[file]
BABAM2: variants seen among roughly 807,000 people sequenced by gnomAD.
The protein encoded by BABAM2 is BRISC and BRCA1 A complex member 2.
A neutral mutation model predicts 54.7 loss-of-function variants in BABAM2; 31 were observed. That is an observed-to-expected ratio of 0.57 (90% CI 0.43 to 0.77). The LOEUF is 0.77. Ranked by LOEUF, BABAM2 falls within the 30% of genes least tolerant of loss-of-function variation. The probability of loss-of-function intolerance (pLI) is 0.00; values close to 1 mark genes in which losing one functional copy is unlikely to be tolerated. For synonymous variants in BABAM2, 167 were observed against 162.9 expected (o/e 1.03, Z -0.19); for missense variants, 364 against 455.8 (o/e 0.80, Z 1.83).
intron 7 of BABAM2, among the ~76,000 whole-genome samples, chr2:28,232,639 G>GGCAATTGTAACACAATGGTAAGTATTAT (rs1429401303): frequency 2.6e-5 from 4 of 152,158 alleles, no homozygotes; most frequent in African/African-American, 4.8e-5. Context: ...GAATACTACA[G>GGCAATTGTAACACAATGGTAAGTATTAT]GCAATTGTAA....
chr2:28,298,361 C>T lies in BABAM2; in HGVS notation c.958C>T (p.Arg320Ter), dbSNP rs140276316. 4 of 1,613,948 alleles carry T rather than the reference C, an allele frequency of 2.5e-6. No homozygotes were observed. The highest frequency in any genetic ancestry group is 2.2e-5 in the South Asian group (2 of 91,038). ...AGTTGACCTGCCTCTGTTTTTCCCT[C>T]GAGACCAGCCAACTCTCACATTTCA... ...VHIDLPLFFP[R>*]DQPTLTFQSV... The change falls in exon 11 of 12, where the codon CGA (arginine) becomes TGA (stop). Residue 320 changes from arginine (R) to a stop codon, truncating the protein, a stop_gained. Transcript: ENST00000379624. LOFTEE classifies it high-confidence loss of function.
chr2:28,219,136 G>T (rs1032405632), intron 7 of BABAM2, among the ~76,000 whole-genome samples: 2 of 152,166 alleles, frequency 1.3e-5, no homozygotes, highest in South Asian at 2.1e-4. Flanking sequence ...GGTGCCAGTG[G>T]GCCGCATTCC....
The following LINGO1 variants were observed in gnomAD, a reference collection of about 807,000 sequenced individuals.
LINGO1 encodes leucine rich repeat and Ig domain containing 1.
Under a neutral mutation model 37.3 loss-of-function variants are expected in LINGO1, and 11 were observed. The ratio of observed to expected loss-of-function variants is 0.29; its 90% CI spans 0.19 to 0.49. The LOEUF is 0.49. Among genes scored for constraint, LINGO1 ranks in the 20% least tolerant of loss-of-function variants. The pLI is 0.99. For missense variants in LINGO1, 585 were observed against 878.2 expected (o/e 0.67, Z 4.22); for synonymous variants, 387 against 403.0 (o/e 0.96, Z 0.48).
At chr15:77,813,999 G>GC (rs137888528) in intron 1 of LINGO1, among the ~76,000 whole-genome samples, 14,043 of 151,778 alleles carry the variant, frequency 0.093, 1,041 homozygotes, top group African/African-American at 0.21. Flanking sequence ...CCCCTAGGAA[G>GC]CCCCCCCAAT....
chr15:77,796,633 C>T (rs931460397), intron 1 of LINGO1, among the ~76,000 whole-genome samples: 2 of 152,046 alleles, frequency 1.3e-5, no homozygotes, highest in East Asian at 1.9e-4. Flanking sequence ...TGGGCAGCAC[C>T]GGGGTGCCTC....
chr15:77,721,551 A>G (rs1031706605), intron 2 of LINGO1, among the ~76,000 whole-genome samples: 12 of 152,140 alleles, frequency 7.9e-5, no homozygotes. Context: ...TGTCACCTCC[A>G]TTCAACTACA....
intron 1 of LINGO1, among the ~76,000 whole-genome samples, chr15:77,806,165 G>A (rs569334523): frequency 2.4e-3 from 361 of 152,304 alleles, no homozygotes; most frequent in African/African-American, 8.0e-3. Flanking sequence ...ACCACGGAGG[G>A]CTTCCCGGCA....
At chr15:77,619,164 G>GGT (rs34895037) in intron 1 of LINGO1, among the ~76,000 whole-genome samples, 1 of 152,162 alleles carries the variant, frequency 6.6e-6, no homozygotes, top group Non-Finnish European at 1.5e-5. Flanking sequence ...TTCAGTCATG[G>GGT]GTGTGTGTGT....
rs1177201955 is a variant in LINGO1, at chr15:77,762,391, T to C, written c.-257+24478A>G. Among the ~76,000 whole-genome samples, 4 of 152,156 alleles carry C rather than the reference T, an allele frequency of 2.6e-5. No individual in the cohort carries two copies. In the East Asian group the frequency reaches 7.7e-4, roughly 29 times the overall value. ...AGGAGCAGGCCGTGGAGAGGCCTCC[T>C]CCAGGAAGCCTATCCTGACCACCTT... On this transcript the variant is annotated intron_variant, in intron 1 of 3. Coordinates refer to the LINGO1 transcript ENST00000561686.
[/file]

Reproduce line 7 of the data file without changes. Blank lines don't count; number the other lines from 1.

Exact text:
The following LINGO1 variants were observed in gnomAD, a reference collection of about 807,000 sequenced individuals.